“The bill’s author [Gatto] indicates that law enforcement agencies have expressed concern that they are not completely aware of crime trends in their jurisdictions because some university agreements do not require campus security to pass information along to local law enforcement . . . The author believes this bill is necessary to ensure that local law enforcement agencies are aware of crime trends, by ensuring campuses pass along reports.”

Gatto also “contends this bill could result in a closer working relationship between campuses and local police and sheriffs’ departments, which will result in more thorough investigations, better outcomes for victims, and safer communities.”

Note: Similar bills are pending in New Jersey. However, lawmakers and advocates for greater victim privacy oppose the proposed laws as written. We will keep you posted on further developments.

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Counting New Crime Statistics
Posted by On Tuesday, March 25, 2014

In the Fall of 1962, President Kennedy sent U.S. Marshals to the University of Mississippi to protect James Meredith, the first African-American student to matriculate at “Ole Miss,” as he faced a riot aimed at stopping him from entering the Oxford campus. Today, nearly a quarter of the university’s students are minorities and a statue of Meredith has been erected as a symbol of the university’s progress.

Sometime during the early morning hours of February 16, 2014, Meredith’s statue was defaced. A noose was tied around its neck and a Georgia state flag with the Confederate battle symbol was draped over its face. Three freshmen were implicated and expelled from their fraternity, while the university is proceeding with disciplinary action. In addition, the FBI is investigating the incident to determine if this was a hate crime intended to intimidate African Americans.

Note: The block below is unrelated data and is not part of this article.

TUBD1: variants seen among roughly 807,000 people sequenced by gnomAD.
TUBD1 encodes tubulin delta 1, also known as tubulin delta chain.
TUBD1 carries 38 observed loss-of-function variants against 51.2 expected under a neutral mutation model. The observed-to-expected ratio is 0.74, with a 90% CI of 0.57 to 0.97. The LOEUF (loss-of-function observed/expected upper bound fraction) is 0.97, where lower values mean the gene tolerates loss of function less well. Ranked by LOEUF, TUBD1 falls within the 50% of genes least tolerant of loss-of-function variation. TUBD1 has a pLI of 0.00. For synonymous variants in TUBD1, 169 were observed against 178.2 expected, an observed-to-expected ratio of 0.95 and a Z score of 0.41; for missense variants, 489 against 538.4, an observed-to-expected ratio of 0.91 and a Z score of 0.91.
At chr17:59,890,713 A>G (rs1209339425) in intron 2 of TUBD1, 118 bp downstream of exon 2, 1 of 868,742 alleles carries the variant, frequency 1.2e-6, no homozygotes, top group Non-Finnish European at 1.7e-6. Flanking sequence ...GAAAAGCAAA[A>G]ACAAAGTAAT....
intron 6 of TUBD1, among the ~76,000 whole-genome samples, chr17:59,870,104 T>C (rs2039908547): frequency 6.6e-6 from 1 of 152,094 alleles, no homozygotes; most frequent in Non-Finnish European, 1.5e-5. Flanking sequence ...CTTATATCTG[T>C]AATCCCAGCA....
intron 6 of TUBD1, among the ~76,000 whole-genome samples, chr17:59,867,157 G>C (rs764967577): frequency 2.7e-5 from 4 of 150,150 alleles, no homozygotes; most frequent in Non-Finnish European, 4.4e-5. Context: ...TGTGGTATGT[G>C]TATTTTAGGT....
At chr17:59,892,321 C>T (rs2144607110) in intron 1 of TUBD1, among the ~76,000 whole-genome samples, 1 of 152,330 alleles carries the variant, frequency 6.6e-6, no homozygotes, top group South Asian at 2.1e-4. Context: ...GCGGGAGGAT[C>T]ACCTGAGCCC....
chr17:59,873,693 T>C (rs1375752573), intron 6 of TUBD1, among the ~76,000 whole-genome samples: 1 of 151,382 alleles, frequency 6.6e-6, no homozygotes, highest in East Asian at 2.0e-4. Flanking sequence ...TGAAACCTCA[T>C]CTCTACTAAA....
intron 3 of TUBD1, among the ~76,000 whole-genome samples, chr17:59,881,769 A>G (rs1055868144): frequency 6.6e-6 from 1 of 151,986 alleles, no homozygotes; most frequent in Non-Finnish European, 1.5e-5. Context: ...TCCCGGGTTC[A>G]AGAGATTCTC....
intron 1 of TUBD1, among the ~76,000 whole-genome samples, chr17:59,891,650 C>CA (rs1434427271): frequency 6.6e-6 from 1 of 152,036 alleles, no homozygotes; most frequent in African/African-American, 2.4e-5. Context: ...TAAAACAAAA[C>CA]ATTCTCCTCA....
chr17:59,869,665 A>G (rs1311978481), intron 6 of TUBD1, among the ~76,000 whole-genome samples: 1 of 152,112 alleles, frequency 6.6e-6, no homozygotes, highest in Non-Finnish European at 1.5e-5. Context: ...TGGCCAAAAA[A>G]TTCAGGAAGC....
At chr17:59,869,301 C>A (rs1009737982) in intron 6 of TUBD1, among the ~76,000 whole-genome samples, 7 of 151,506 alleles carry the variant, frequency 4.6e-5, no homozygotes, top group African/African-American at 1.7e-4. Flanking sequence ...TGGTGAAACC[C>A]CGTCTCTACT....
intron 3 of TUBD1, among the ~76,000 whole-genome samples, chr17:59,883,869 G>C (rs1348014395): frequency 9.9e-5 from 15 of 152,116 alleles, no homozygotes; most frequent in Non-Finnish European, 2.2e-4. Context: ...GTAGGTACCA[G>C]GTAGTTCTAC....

Racially motivated hate crimes are not confined to southern states.  At San Jose State University in California, an African-American freshman was subjected to “disturbing racial indignities” by his white roommates, including fastening a bicycle lock around his neck and displaying the Confederate flag in their dorm room. The victim has filed a $5 million claim against the university, alleging that the dormitory adviser ignored warning signs of a potentially dangerous situation, and four of the roommates have been charged with hate crimes and battery.

Both cases remind us not only that ugly prejudices still exist on today’s college campuses but also that hate crimes such as these are covered by the Clery Act’s reporting requirements. The Clery Act requires every postsecondary school that participates in federal student aid programs to prepare an Annual Security Report that is made available to enrolled and prospective students. These reports provide information about campus safety so that students and their families can make informed decisions about where to pursue higher education. The “Clery crimes” that must be reported range from murder and sexual assault to auto theft and arson.

Effective October 1, 2013, the Violence Against Women Reauthorization Act of 2013 amended the Clery Act reporting requirements. Prior to October 1, 2013, the Clery Act defined hate crimes as those that involved prejudice based on race, gender, religion, sexual orientation, ethnicity, and disability. Starting with the Annual Security Reports due on October 1, 2014, hate crime statistics include two additional types of prejudice: national origin and gender identity.

Hate crime statistics also include these crimes which are not reported under other categories: intimidation, larceny-theft, simple assault, and crimes involving property damage and personal injury. It should be noted that the VAWA of 2013 added these new Clery crimes, which would also be reported as hate crimes if they were motivated by prejudice: sexual assault, domestic violence, dating violence, and stalking.